Monday morning saw a 5:00 A.M. departure from Kathmandu to try to beat the worst of the hellish traffic for the drive to Chitwan National Park. It looks so close on the map, only 175 km on the road and less as the crow flies; how can it possibly take seven hours to get there? We left in pre-dawn chaos on the city’s ring road and then rose to a low pass at 5,400 feet (according to my new altimeter watch), only about 1,000 feet above Kathmandu before the fun began. The road officially called the "Prithvi Highway" toward western Nepal dropped several thousand feet in switchbacks barely wide enough for larger vehicles to pass each other, the pavement frequently disintegrating into rocks and dirt for significant stretches, and thoroughly clogged in both directions with trucks and buses. The sharp drop-offs down the mountainside on one side of the road and deep storm drains on the other made for a real death trap. Who needs Bolivia’s infamous “Death Road” when you can drive on Nepal’s main highway? Nepal must seriously have some of the worst physical infrastructure I’ve seen in any country. Mongolia at least doesn’t pretend to have highways or paved roads. I can now see why many tourists take expensive internal flights to their trek start points instead of long-distance buses.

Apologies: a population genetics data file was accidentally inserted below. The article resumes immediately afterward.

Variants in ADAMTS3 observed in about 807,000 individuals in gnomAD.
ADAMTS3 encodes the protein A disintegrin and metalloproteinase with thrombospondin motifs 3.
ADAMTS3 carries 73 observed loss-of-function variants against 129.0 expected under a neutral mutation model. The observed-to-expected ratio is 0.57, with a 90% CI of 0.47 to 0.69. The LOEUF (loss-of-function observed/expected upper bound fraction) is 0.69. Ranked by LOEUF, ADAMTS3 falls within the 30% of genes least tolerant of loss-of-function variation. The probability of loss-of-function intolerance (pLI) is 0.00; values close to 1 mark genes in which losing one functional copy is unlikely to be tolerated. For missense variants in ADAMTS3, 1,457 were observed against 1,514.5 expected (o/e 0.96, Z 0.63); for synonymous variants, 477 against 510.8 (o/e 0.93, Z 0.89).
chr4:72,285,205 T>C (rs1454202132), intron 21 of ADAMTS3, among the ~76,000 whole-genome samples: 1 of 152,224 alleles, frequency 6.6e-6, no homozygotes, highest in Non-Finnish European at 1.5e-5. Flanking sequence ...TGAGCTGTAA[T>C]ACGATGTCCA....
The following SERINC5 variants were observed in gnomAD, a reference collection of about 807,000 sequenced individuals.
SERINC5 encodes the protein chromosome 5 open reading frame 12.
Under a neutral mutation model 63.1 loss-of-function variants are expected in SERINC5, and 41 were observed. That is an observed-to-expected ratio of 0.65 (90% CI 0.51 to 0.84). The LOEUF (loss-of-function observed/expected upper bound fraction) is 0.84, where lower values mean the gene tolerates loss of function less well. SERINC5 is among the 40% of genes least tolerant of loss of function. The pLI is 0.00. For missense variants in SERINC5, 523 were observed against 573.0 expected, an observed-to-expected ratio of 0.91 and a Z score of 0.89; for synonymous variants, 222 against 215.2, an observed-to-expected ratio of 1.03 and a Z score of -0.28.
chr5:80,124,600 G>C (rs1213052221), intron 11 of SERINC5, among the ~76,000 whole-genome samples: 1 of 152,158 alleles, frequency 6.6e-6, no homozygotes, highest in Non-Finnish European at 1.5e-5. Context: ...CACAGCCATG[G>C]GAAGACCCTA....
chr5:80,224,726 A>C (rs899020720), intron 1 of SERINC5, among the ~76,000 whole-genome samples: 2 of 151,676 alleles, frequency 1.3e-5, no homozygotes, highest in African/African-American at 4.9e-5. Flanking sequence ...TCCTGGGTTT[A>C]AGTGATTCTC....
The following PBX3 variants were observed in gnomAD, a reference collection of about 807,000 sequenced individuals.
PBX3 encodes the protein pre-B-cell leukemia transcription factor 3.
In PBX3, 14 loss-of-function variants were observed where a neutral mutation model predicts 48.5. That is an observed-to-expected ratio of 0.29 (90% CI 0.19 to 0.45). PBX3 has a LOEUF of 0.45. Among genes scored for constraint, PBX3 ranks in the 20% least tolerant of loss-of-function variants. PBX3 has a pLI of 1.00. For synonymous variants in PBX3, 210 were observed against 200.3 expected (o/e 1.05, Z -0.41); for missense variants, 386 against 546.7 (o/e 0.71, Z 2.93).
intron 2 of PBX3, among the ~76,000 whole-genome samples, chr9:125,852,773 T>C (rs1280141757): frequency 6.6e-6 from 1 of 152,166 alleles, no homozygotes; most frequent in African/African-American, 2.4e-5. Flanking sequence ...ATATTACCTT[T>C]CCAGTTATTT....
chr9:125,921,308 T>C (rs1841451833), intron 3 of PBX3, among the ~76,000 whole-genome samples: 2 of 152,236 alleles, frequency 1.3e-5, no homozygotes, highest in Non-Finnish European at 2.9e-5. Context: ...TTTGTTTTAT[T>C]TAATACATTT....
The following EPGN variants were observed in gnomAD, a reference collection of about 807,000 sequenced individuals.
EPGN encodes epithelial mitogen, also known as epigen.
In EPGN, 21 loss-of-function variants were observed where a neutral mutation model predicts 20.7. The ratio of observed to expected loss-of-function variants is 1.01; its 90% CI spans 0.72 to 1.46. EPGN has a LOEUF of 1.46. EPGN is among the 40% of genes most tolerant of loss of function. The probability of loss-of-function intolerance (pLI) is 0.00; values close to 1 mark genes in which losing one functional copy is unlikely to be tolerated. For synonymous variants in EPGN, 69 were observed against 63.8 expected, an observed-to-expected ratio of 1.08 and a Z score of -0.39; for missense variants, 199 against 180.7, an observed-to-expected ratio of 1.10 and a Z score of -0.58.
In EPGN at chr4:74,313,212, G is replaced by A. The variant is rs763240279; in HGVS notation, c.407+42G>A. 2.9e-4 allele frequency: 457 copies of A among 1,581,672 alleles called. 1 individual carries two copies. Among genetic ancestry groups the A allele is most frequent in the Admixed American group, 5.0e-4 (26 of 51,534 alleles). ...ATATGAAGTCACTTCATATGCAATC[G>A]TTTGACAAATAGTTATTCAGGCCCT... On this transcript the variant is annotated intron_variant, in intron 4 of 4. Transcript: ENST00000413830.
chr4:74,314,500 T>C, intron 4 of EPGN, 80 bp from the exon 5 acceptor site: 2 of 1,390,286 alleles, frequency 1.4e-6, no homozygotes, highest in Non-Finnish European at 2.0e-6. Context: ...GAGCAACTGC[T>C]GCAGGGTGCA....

Lo and behold, the trip to Chitwan actually took eight hours! Chitwan National Park is located southwest of Kathmandu and is one of Nepal’s leading destinations and a UNESCO World Heritage site. The park includes a large area of the Terai lowland region near the Indian border and is home two one of the world’s two largest populations of Indian one-horned rhinos as well as many other species of wildlife that make it one of the Indian subcontinent’s top safari spots. Despite the late arrival we were able to fit in a couple of somewhat touristy afternoon and evening activities related to the regions inhabitants – an oxcart ride to a small Tharu village and a Tharu cultural show and dance performance. The Tharu are a Hindu ethnic group originally from Rajasthan in western India who settled in an uninhabited malarial region of southern Nepal several centuries ago after suffering persecution my Muslims in their home region. They are now one of the poorest and most traditional ethnic groups in Nepal.